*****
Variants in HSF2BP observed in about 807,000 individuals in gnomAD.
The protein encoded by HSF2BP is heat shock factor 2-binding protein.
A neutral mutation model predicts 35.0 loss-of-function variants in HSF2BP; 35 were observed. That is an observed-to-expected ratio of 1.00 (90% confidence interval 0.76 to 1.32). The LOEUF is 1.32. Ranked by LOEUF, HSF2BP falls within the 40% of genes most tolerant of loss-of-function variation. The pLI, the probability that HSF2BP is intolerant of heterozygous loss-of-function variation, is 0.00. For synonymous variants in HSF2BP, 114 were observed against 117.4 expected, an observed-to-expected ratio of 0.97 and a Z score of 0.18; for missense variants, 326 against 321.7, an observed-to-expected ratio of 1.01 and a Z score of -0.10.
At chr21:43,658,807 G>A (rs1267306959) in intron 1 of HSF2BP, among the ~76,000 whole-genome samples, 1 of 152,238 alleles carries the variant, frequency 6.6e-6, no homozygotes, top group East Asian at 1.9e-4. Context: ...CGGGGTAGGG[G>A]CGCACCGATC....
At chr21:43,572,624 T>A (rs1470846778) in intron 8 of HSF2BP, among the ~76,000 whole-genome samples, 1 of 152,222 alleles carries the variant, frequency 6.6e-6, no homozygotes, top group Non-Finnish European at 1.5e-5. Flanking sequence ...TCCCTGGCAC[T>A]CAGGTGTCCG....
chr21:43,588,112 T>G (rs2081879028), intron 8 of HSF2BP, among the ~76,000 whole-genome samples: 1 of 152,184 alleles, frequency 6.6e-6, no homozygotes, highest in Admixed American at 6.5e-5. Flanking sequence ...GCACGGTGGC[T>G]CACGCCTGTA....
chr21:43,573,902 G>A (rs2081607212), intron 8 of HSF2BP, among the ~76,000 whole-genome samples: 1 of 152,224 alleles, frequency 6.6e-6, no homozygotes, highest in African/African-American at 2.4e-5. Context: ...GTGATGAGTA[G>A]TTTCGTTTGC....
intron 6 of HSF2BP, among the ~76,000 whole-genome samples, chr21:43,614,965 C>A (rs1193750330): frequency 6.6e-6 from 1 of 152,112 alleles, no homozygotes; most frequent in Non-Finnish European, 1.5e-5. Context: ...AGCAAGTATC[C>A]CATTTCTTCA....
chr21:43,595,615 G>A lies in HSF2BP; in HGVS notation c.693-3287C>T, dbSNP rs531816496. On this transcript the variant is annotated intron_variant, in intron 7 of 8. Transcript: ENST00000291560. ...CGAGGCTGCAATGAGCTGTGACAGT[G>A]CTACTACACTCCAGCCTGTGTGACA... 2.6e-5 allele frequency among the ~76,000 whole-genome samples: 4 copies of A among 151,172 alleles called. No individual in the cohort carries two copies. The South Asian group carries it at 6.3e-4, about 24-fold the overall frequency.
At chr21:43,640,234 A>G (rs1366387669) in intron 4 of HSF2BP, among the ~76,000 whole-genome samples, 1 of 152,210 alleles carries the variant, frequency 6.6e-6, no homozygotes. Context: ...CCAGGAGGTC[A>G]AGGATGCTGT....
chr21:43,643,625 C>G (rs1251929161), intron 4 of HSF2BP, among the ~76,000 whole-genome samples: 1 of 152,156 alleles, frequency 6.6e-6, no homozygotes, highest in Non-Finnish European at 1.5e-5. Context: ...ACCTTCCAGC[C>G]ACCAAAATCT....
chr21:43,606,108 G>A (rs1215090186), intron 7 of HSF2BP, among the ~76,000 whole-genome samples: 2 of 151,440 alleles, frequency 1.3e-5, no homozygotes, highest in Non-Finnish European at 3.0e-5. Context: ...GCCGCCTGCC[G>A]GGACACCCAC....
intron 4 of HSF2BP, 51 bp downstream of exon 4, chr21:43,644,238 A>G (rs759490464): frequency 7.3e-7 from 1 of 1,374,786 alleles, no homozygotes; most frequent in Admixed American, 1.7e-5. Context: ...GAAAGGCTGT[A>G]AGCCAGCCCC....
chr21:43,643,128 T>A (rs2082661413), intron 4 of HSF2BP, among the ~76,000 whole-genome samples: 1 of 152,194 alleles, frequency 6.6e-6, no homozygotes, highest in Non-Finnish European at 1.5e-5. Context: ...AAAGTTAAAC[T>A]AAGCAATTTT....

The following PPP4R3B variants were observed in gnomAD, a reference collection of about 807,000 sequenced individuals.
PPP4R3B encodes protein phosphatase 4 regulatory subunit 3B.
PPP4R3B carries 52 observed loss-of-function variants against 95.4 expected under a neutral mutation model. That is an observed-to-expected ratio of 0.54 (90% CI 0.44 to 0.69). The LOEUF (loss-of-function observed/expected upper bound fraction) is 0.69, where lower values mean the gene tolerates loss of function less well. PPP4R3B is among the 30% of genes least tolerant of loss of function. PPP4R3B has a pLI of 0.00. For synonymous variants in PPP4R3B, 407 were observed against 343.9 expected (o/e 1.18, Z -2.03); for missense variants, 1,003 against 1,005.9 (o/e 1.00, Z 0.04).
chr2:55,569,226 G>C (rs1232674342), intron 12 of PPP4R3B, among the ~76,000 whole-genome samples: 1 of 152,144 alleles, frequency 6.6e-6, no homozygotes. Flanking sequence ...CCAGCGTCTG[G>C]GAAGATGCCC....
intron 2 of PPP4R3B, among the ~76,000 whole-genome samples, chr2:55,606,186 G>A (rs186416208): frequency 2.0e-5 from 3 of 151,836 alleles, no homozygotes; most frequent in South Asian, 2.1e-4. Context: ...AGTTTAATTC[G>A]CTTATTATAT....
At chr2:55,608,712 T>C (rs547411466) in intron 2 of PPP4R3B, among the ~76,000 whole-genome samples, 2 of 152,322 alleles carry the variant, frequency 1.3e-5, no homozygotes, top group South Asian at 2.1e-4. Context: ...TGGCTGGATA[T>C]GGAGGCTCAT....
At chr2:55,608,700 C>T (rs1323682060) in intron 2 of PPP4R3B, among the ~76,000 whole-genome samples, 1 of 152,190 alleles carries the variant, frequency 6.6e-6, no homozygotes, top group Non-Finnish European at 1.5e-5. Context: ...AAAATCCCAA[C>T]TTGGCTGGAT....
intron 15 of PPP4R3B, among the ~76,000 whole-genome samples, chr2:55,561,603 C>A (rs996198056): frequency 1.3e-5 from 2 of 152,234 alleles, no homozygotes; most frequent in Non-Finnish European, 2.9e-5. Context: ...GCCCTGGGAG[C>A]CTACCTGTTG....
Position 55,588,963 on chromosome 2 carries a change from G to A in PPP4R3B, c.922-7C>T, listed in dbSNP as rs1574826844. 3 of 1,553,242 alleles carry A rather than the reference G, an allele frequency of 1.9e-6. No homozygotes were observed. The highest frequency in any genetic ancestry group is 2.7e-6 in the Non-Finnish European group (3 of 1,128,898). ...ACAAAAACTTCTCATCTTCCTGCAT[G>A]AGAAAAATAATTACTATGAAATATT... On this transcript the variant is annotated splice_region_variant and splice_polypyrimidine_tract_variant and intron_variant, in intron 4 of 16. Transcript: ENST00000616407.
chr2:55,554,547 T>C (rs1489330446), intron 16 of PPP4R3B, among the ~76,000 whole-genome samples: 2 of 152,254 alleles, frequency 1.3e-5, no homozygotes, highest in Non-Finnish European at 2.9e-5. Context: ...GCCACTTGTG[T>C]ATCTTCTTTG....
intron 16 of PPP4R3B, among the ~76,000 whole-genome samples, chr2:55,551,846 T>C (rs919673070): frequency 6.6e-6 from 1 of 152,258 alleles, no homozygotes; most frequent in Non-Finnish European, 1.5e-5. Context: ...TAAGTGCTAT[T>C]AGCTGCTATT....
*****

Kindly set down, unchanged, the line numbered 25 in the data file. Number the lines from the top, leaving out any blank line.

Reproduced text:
intron 16 of PPP4R3B, among the ~76,000 whole-genome samples, chr2:55,551,846 T>C (rs919673070): frequency 6.6e-6 from 1 of 152,258 alleles, no homozygotes; most frequent in Non-Finnish European, 1.5e-5. Context: ...TAAGTGCTAT[T>C]AGCTGCTATT....